> > > Devils Tower is a mile-high, pure rock mountain in Wyoming with no
> > > other mountains nearby. It's flat at the top, and a sheer drop on
> all
> > > sides. Details are at
> > >
>
http://volcano.und.nodak.edu/vwdocs/volc_images/north_america/devils_tow
> > > er.html
> > >
> > > Easy to describe, impossible to explain
> >
> > "impossible" for a moron to understand, you mean.
>
> Classic Darwinian namecalling there -- as recognizable as a heavy
> accent.
>
> [snip]

> > > Some speculate it was a volcano, and that it's
> > > unique columns formed from a cooling process.
> >
> > Yes.
>
> So far so good ... until someone mentions "flood" ...
>

And there is the *nub* of your problem. All you do is *mention* flood,
as if that alone is any reason, in and of itself, to take it
seriously. Try giving any reason to believe in a global flood except
fantastical explanations for features which have otherwise normal
explainations that do not require amazing amounts of disappearing water
or an unexplained smooth geography.

>
> It's not lava. In fact, the cite I provided expressly stated that it
> was only "possibly[] an erosional remnant of a volcanic neck."

Another nub of your problem. The site also describes it as a "steep-
sided igneous body" "made of magma that solidified at a shallow
level". Try reading the parts you don't like as well as the ones you do
(though in this case I can't fathom why - since when did "possibly"
equal "not").

>
> Apparently you have no explanation for the erosion pattern so visible
> on Devils Tower. Chalk that up to pure chance and "eons of time"???
>

I hate to repeat myself, but exactly which pattern are you refering
to? The vertical columns? And just how does a flood cause those?

> Andy
>


--
J. Pieret

Some mornings it just doesn't seem worthwhile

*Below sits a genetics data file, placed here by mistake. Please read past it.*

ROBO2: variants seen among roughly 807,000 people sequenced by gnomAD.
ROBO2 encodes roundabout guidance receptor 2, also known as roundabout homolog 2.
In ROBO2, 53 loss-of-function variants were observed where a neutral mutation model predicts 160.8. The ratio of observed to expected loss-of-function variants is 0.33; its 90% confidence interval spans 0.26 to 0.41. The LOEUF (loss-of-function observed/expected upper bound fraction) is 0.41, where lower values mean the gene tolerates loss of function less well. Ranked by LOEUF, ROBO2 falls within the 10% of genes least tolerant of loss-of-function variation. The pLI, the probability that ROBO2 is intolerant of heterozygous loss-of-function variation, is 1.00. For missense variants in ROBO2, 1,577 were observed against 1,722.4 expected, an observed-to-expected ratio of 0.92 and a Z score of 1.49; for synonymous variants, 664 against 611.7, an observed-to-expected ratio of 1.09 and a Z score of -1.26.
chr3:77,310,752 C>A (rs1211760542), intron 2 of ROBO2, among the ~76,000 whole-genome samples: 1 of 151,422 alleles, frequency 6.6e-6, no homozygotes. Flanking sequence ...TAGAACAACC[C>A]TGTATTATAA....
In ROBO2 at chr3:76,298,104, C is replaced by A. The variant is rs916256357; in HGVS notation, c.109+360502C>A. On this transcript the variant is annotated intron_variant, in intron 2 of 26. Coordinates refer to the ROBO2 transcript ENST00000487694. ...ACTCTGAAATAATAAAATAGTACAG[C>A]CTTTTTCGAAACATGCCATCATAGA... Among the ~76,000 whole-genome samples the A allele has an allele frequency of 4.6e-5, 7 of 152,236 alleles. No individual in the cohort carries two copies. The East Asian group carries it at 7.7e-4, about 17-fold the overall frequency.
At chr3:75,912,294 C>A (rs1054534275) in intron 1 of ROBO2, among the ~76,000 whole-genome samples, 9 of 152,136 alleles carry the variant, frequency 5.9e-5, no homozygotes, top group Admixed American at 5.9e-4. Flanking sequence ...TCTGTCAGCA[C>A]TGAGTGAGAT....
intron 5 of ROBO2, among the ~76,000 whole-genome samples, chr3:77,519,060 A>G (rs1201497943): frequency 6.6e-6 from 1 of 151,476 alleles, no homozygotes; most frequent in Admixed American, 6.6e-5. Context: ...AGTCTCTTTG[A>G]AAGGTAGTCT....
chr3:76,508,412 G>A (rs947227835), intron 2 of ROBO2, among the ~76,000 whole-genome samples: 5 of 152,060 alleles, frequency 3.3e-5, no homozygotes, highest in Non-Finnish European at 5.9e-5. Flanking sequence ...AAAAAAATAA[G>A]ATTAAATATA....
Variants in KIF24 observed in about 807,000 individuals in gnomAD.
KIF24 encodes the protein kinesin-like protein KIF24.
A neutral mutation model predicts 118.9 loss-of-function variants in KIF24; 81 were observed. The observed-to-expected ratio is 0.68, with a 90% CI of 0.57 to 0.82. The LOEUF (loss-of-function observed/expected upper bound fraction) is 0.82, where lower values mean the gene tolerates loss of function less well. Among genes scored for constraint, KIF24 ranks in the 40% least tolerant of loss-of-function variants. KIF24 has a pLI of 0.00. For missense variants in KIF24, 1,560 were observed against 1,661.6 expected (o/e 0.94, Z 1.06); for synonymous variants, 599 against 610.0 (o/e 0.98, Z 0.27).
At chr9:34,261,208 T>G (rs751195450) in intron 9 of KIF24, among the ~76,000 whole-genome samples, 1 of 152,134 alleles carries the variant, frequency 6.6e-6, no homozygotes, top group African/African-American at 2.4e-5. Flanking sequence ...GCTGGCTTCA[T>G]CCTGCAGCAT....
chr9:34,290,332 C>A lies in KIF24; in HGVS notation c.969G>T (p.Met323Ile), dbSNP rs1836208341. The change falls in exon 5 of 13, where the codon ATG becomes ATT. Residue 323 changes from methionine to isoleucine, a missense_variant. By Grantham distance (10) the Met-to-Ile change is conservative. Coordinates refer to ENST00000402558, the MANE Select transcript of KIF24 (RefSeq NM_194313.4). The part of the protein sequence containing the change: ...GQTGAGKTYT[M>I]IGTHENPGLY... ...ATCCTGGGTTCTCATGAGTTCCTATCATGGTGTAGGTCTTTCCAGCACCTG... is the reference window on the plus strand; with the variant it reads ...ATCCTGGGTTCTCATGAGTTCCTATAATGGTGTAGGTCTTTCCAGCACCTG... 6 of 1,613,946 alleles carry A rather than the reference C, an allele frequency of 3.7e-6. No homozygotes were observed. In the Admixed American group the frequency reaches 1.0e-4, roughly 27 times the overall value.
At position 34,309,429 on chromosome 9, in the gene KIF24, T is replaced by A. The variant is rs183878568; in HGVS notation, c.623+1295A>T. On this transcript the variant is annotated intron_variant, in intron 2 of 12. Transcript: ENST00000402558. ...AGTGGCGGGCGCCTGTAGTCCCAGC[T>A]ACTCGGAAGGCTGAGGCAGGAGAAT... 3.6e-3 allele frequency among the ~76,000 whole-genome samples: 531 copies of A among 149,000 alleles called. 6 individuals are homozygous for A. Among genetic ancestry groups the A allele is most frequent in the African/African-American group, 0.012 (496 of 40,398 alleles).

chewing through the leather straps.

LStew36183

unread,
Jan 4, 2001, 12:31:17 AM1/4/01
to
Quoth Andy...>Devils Tower is a mile-high, pure rock mountain in Wyoming with

Mashed potatoes. Richard Dreyful. That was too
easy....

okbye

rich hammett

unread,
Jan 4, 2001, 12:31:37 AM1/4/01
to
and...@my-deja.com is alleged to have said:
> In article <28u75t40i7nkbr81t...@4ax.com>,
> "Nell P. Wright" <wrigh...@my-deja.com> wrote:
>> On 3 Jan 2001 20:56:33 -0500, and...@my-deja.com wrote:
>>
>> >Devils Tower is a mile-high, pure rock mountain in Wyoming with no
>> >other mountains nearby. It's flat at the top, and a sheer drop on
> all
>> >sides. Details are at
>>
>>http://volcano.und.nodak.edu/vwdocs/volc_images/north_america/devils_to
> w
>> >er.html
>> >
>> >Easy to describe, impossible to explain -- unless the area was once a
>> >mile deep in water.
>>
>> Oh? And exactly how does this explain it?

> The erosion matches the effect of water currents as though the rock
> were submerged.

So _one_ _year_ of being submerged was enough for underwater currents to
erode the hard igneous rock?

>> > Some speculate it was a volcano, and that it's
>> >unique columns formed from a cooling process.
>>
>> Unlikely. There is no evidence of volcanic activity anywhere in the
>> area. No volcanic ash, no lava flows, no debris...nada.

> So you disagree with Boikat about this.

No, not a volcano. Vulcanism, tho. I don't think Boikat said differently.

> Water resolves your objection, however -- the ash, lava flows, debris,
> etc., would have simply been washed away in a flood.

Whither?

>> > Water best explains the
>> >cooling and erosion, which were (1) enormous and (2) seem to be
> greater
>> >in its middle than at its top (see picture at site above). A river
>> >still runs nearby.
>>
>> According to everything I've read about it, the Tower was formed by an
>> igneous intrusion into sedimentary rock, and the molten rock which
>> formed it did not even surface. Geologists may not agree on exactly
>> how it formed, but they do agree on that much.

> That looks like little more than "magic" as an explanation. In fact,
> most geologists agree with Boikat that this was part of a volcano.

No.

>> Erosion by water, wind, snow, etc. over time has worn away the softer
>> sandstone and shale, exposing the much harder igneous rock that is now
>> visible. That erosion is still going on today, and the Tower itself is
>> eroding visibly. Don't need no stinking flood to explain it.

> "Don't need no stinking flood to explain it." That's a classic!
> Archie Bunker could not have put it better.

> It's the pattern of erosion that strongly suggests water currents
> around the rock. Rain, snow, sun, some random wind doesn't cause that